The BLS reports nonfarm business sector labor productivity increased 3.0 percent during the third quarter of 2017. Output increased 3.8 percent and hours worked increased 0.8 percent.

All quarterly percent changes are at seasonally adjusted annual rates.

Labor productivity, or output per hour, is calculated by dividing an index of real output by an index of hours worked by all persons, including employees, proprietors, and unpaid family workers.

Unit Labor Costs

Unit labor in the nonfarm business sector increased 0.5 percent in the third quarter of 2017, reflecting a 3.5-percent increase in hourly compensation and a 3.0-percent increase in productivity. Unit labor costs decreased 0.1 percent over the last four quarters.

The BLS calculates unit labor costs as the ratio of hourly compensation to labor productivity. Increases in hourly compensation tend to increase unit labor costs, and increases in output per hour tend to reduce them.


Manufacturing sector labor productivity fell 5.0 percent in the third quarter of 2017, as output decreased 2.1 percent and hours worked increased 3.1 percent. The decrease in manufacturing output per hour is the largest since the first quarter of 2009, when the measure fell 16.3 percent.


Productivity decreased 5.7 percent in the durable goods manufacturing sector and 4.6 percent in the nondurable goods sector in the third quarter of 2017.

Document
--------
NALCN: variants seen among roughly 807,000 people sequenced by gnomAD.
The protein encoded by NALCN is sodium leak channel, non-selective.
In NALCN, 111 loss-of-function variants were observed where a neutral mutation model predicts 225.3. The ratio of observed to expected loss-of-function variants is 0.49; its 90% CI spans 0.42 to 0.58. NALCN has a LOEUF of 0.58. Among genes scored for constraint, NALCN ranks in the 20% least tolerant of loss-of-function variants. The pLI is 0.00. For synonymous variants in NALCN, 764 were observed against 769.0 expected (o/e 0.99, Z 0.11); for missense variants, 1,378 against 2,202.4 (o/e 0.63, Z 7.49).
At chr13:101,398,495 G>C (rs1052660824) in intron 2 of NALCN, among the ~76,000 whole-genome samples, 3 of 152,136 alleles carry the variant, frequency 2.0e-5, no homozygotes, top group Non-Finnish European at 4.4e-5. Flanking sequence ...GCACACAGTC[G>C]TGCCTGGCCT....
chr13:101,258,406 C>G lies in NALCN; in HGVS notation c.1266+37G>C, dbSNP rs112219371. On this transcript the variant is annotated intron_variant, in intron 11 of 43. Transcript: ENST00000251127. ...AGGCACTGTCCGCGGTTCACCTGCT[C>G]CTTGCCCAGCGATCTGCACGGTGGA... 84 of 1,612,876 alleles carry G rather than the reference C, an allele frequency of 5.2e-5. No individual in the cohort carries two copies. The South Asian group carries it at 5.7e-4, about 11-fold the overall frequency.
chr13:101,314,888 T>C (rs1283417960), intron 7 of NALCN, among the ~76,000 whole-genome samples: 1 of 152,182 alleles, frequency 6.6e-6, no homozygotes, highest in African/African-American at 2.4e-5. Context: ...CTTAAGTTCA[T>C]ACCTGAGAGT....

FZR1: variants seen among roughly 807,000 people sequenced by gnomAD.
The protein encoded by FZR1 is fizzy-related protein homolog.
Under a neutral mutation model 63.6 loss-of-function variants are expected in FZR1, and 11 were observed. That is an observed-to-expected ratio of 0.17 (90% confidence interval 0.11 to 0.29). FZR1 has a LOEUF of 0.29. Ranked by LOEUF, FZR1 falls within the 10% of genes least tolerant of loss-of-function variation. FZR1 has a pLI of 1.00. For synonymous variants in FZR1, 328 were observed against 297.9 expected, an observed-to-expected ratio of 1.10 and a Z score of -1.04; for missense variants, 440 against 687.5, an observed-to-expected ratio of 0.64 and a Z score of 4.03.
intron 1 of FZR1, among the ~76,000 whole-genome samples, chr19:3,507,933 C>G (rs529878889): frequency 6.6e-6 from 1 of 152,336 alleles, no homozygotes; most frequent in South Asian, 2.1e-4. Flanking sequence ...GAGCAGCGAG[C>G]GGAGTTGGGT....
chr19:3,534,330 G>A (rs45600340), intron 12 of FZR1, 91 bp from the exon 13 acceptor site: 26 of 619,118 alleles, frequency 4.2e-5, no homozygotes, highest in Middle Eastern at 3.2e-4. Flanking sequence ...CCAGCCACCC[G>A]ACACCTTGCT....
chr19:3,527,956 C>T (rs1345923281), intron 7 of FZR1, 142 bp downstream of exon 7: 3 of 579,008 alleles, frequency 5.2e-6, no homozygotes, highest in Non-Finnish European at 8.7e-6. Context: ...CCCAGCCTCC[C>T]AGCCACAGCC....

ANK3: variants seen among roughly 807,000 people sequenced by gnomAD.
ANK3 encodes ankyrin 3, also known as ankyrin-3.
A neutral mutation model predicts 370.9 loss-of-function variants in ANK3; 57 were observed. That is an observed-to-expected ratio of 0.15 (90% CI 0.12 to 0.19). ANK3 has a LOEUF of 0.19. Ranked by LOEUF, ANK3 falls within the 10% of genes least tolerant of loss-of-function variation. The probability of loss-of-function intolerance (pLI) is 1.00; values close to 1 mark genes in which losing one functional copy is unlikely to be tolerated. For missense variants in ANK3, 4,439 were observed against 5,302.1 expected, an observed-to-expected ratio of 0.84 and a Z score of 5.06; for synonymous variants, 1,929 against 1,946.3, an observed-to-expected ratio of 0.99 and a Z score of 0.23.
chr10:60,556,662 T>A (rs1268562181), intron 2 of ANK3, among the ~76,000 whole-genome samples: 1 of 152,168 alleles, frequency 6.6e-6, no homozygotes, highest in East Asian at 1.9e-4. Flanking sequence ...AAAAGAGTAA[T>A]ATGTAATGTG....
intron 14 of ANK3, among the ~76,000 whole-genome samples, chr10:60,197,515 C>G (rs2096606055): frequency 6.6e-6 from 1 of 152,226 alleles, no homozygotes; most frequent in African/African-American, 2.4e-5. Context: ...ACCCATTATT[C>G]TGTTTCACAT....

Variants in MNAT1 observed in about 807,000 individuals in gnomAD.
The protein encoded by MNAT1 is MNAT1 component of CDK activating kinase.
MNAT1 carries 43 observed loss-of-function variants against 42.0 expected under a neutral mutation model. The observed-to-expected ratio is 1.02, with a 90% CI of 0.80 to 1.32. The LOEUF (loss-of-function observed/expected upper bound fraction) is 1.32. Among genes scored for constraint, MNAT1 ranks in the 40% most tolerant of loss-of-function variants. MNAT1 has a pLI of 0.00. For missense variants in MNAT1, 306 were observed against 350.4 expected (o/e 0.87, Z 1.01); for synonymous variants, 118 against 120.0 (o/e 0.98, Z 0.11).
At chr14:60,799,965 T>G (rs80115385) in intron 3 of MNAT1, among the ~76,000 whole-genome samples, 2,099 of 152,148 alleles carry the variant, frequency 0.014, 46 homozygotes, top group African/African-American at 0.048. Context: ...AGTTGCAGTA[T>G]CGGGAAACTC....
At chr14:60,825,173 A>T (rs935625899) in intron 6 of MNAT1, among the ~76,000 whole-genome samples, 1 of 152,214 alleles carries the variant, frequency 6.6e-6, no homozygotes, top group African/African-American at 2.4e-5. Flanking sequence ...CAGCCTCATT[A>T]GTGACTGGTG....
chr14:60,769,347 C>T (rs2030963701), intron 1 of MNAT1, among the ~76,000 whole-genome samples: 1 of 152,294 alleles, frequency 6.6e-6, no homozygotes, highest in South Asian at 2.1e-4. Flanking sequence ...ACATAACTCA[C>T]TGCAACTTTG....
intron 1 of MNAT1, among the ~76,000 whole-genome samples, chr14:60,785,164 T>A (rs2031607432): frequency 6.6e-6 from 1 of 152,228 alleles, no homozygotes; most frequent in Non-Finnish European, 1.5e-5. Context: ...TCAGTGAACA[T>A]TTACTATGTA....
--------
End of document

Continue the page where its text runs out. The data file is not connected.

Year-Over-Year Productivity is Anemic

Despite the third-quarter jump, year-over-year productivity is anemic.

From the third quarter of 2016 to the third quarter of 2017, productivity increased 1.5 percent, reflecting a 2.9-percent increase in output and a 1.4-percent increase in hours worked.

Here's an opinion clip from Reuters that's worth considering: “While the data point to a solid economy, they also reinforce the view that growth is not likely to remain strong for an extended period without improved wage gains,” said Joel Naroff, chief economist at Naroff Economic Advisors in Holland, Pennsylvania. “Productivity is still growing too slowly.”

Hurricane Impacts

The manufacturing sector was no doubt hit by hurricanes. Expect a rebound in the fourth quarter.

Mike "Mish" Shedlock

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